[Antennaware] center loading versus ground loading
garyk9gs at wi.rr.com
Sun Jan 31 11:41:21 PST 2010
I have been contemplating an antenna design to cover 40, 80, 160M.
Basically ~32 ft of aluminum tubing/mast, a trap, then more tubing/mast to
~60 ft (possibly using a capacity hat to tune on 80M) and then a second trap
above the capacity hat with a T-top loading wire to tune on 160M. My goal
would be no switching/control lines at the antenna. I work almost
exclusively CW so I don't need to cover the entire 80/160M band.
Gary Schwartz email: k9gs (at) arrl.net
Check out K9NS on the web: http://www.k9ns.com
Society of Midwest Contesters (SMC) http://www.w9smc.com/
----- Original Message -----
From: "Art Trampler" <atrampler at att.net>
To: <antennaware at contesting.com>
Sent: Friday, January 29, 2010 10:48 PM
Subject: [Antennaware] center loading versus ground loading
I live on a fairly small lot and use a Hy-Gain AV640 for 40 through 10 and
currently have no antenna for 80 or 160.
My backyard is about 90 x 70 but has some ill-placed and ill-shaped trees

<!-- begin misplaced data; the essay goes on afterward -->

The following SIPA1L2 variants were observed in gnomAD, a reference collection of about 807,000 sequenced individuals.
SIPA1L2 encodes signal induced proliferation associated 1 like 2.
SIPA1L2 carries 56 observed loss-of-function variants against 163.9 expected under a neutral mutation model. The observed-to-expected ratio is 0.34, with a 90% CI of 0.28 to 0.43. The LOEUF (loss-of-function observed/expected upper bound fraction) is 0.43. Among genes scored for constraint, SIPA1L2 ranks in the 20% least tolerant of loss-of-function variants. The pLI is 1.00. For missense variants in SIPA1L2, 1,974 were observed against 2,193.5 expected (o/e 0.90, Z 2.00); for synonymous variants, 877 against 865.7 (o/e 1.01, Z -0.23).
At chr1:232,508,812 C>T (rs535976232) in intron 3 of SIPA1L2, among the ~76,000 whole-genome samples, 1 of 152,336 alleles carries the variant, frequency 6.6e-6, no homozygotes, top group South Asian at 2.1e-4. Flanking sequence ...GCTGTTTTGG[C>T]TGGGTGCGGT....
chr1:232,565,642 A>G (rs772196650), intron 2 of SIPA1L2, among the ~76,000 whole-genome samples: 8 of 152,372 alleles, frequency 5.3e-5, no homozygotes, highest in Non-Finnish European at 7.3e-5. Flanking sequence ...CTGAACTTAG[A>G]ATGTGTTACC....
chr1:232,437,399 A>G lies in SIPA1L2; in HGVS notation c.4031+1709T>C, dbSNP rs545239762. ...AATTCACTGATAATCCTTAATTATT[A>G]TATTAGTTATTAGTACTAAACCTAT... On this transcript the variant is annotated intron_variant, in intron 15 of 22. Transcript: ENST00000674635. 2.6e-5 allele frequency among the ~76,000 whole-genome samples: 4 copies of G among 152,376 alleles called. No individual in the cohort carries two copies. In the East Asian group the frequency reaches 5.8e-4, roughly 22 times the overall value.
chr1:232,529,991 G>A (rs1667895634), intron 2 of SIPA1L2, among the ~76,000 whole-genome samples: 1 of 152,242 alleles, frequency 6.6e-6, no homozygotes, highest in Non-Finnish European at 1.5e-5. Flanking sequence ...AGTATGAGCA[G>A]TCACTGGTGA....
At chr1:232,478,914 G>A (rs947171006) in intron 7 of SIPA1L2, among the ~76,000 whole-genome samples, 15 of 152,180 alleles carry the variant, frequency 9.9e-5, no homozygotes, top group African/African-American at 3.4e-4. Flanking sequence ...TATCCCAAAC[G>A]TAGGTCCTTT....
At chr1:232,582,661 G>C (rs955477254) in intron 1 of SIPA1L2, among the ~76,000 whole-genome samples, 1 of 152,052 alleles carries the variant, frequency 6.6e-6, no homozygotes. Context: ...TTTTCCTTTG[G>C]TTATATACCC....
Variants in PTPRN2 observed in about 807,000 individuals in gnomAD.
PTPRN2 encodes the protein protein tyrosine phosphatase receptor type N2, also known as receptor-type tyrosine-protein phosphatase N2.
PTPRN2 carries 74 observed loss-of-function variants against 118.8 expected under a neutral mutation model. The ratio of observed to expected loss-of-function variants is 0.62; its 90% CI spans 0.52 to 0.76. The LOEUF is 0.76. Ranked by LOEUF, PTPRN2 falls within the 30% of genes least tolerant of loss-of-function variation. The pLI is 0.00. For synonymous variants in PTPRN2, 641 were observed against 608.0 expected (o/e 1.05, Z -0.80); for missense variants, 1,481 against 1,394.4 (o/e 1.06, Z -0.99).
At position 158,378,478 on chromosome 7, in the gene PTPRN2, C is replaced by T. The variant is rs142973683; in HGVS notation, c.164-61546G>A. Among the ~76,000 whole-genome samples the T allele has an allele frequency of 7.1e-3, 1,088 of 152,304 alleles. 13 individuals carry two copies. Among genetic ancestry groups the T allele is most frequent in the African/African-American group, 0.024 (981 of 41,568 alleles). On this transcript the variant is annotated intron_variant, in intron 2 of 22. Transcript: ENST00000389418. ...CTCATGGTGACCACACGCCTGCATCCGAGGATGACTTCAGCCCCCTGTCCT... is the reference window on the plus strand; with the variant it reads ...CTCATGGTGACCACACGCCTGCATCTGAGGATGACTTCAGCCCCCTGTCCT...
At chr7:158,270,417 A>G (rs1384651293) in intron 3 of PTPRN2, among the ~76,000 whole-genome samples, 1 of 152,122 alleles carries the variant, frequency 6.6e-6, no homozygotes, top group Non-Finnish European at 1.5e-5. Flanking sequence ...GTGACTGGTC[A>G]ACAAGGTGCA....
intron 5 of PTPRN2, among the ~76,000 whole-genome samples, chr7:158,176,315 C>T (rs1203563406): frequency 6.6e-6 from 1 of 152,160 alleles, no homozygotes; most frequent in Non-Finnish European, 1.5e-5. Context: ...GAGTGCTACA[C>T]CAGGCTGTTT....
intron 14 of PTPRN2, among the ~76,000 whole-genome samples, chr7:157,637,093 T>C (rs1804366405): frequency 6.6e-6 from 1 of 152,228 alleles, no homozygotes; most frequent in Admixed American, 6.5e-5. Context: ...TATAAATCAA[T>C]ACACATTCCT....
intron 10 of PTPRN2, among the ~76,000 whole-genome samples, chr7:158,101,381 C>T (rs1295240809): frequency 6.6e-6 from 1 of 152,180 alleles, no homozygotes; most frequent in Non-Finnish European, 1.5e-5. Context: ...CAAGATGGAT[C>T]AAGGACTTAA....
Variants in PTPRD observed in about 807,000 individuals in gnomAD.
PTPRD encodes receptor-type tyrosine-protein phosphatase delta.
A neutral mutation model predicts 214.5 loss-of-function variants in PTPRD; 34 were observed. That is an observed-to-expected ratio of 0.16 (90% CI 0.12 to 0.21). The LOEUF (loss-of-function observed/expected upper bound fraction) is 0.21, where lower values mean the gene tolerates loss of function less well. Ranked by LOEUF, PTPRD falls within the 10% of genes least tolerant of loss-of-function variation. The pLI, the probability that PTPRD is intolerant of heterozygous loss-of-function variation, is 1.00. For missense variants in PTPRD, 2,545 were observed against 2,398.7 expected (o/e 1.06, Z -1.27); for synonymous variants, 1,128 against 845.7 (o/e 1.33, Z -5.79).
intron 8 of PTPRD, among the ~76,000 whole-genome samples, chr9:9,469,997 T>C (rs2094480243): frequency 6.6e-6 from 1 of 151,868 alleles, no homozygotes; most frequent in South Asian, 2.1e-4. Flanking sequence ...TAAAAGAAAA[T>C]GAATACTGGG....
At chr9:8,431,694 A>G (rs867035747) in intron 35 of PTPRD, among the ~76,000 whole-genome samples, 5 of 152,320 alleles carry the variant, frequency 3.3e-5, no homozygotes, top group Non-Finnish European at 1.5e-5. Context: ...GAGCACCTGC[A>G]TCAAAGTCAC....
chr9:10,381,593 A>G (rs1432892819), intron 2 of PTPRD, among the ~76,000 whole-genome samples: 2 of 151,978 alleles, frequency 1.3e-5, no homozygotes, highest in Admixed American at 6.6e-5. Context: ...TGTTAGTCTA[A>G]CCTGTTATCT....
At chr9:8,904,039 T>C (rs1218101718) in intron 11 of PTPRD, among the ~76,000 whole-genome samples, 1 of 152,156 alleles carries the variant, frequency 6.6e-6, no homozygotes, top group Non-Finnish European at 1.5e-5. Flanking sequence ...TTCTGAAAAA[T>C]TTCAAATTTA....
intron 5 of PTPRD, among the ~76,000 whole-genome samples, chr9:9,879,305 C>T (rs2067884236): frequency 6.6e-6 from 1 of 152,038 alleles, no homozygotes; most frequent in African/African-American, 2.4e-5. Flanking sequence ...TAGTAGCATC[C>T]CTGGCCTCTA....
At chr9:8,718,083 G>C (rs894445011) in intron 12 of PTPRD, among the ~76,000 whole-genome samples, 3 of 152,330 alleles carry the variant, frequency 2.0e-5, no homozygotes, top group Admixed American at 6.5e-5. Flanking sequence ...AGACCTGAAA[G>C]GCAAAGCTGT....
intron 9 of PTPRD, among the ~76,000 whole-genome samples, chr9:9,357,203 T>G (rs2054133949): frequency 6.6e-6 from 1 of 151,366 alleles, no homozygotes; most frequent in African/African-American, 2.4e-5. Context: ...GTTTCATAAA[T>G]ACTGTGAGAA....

for either wire antennas or a tower.
So I am thinking of another vertical, but this one ¼ wave with a radial
field. I would like to get 80 and 160 out of it. I don't mind having to
guy it, or even having to pour a concrete base for it.
My first thought is to use aluminum irrigation pipe as others have, and have
about 60 to 65 feet of it, an insulator and inductor and high voltage relay,
and then perhaps 15 to 20 of much smaller aluminum tubing, with a sloping
capacity hat of four wires going partially down the four top guys. I don't
know if I could get away from the relay, and put up a trap instead but am
wary of using a true trap (coil & capacitor) rather than just a large, high
As you can see this idea is full of possibilities and mechanical drawbacks,
so the question is, is there that much to gain from the center-loaded design
with capacity hat, versus a switchable tuning network at the base of the
Your input is appreciated. I am hoping to make this a summer project and
reward myself with 80 and 160 in the winter.
Art Trampler, KØRO
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